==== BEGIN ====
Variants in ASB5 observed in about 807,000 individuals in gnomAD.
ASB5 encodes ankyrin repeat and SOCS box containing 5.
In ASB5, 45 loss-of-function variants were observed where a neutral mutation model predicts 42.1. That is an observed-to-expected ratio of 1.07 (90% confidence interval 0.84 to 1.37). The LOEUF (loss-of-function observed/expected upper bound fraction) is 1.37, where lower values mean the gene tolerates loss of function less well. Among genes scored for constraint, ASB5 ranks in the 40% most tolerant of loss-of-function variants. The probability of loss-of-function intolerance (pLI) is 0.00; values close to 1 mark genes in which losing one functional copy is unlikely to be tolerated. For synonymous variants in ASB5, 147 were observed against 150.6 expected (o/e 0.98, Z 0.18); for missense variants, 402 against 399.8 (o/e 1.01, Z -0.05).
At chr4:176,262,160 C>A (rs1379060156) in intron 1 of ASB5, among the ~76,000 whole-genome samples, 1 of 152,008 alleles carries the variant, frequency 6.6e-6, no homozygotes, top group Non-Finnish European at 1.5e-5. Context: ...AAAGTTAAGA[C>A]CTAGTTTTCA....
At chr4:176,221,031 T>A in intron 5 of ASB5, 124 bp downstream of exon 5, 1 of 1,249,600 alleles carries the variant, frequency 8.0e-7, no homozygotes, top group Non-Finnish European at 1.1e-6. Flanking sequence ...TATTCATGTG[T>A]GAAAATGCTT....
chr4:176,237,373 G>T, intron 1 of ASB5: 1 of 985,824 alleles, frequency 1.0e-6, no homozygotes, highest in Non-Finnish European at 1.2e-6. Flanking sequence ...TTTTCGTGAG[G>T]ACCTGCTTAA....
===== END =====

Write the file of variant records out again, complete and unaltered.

Variants in ASB5 observed in about 807,000 individuals in gnomAD.
ASB5 encodes ankyrin repeat and SOCS box containing 5.
In ASB5, 45 loss-of-function variants were observed where a neutral mutation model predicts 42.1. That is an observed-to-expected ratio of 1.07 (90% confidence interval 0.84 to 1.37). The LOEUF (loss-of-function observed/expected upper bound fraction) is 1.37, where lower values mean the gene tolerates loss of function less well. Among genes scored for constraint, ASB5 ranks in the 40% most tolerant of loss-of-function variants. The probability of loss-of-function intolerance (pLI) is 0.00; values close to 1 mark genes in which losing one functional copy is unlikely to be tolerated. For synonymous variants in ASB5, 147 were observed against 150.6 expected (o/e 0.98, Z 0.18); for missense variants, 402 against 399.8 (o/e 1.01, Z -0.05).
At chr4:176,262,160 C>A (rs1379060156) in intron 1 of ASB5, among the ~76,000 whole-genome samples, 1 of 152,008 alleles carries the variant, frequency 6.6e-6, no homozygotes, top group Non-Finnish European at 1.5e-5. Context: ...AAAGTTAAGA[C>A]CTAGTTTTCA....
At chr4:176,221,031 T>A in intron 5 of ASB5, 124 bp downstream of exon 5, 1 of 1,249,600 alleles carries the variant, frequency 8.0e-7, no homozygotes, top group Non-Finnish European at 1.1e-6. Flanking sequence ...TATTCATGTG[T>A]GAAAATGCTT....
chr4:176,237,373 G>T, intron 1 of ASB5: 1 of 985,824 alleles, frequency 1.0e-6, no homozygotes, highest in Non-Finnish European at 1.2e-6. Flanking sequence ...TTTTCGTGAG[G>T]ACCTGCTTAA....